GAINES: Yeah, that's really one of the highlights of our film. When Bill White had spoken with August Busch, who was the heir to the Budweiser fortune and actually the owner of the Cardinals team, about trying to figure out a way to get integrated housing for the for the players because they all wanted to stay together, but they weren't allowed to do that in the Deep South, he ends up buying a hotel, the Outrigger Inn, and the team is able to stay there together. And we say we have all of these photographs of them just barbecuing together, on - going out on boats together, hanging out. It's that camaraderie that really Tim McCarver, Bill White, these guys really credit to the success of the Cardinals team.

MARTINEZ: So in 1964, the Cardinals, led by White, Gibson and Flood, eventually got good enough to win the National League pennant and get to the World Series. Let's listen to a Curt Flood describing that feeling.

(SOUNDBITE OF DOCUMENTARY, "AFTER JACKIE")

CURT FLOOD: Most of us felt an aura about us that made us very special. And I guess it had to do with - a lot with the fact that we were such a mixed up group of guys and that we were overcoming all of the prejudice and all the BS. During that very, very difficult time, there was something about us that drew us together, even within the troubles that we were having as Blacks and as whites. And here we were living together and winning together and sharing together and enjoying each other. And it was an amazing turn of events.

MARTINEZ: So, Andre, this Cardinals club won the World Series over the Yankees in '64 and then over the Red Sox in '67. How would you say that success, the way Curt Flood described it, helped further the civil rights movement?

GAINES: Really in two ways - one in being able to showcase the pure athleticism of these guys at really the highest level. On the other hand, I think the fact that what they were doing off the field, like, you know, Curt Flood going down with Jackie Robinson to a march in Greenwood, Miss., they were, frankly, just trying to survive. They didn't realize necessarily what the final result of that would be. I mean, Curt Flood is a perfect example of this, of somebody who opened the door for free agency, what we now call free agency. He was just trying to be properly paid and live in a city where his family was and just trying to do basic things to survive. But what they did was just open it up for so many generations of us to participate in and the positive results of that.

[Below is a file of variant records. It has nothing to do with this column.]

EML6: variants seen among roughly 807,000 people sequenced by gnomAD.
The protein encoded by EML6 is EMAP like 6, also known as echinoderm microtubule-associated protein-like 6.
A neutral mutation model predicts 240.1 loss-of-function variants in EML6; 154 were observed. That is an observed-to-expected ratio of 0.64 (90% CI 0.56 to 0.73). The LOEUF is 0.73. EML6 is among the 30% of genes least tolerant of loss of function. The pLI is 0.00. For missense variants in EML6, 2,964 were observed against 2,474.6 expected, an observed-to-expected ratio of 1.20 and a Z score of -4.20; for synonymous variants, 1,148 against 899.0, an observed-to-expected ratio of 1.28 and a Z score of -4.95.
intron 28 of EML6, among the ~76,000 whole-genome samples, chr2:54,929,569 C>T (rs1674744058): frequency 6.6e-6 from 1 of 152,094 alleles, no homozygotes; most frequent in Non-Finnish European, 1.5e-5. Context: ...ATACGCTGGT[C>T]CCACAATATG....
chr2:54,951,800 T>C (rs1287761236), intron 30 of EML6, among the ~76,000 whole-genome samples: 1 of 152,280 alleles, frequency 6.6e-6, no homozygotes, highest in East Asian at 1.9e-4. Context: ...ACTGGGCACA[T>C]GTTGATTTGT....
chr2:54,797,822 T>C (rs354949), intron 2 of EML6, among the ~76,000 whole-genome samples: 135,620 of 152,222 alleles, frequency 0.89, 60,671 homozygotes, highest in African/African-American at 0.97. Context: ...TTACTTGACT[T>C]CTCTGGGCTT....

MARTINEZ: And specifically for Bob Gibson, who was the Cardinals ace No. 1 starting pitcher, I think his success also showed, if you can believe it, that there was this thought that Black players could not handle thinking positions. In baseball, that would be a starting pitcher or maybe a shortstop, the leadership role. It is amazing that even when Bob Gibson's success, that that didn't translate to leadership roles right away. It still has taken a long time and, probably for a lot of people, not fast enough.

GAINES: No, it's true. I mean, the sad reality kind of right now is that about 8% of the league is African American, which was about the same when Jackie Robinson actually retired. There was a huge renaissance, especially of Black players all through kind of the '70s, '80s, '90s, up through Ken Griffey Jr., who is someone we talk to in the film. But they do make mention, Ken Griffey Jr., Mookie Betts, who's in the film, CC Sabathia who's in the film, that they need to do more to get Black kids and brown kids playing the game again.

(SOUNDBITE OF MUSIC)

MARTINEZ: That's Andre Gaines, director of "After Jackie." It premieres tomorrow on the History Channel. Andre, thanks a lot.

GAINES: Thank you so much for having me.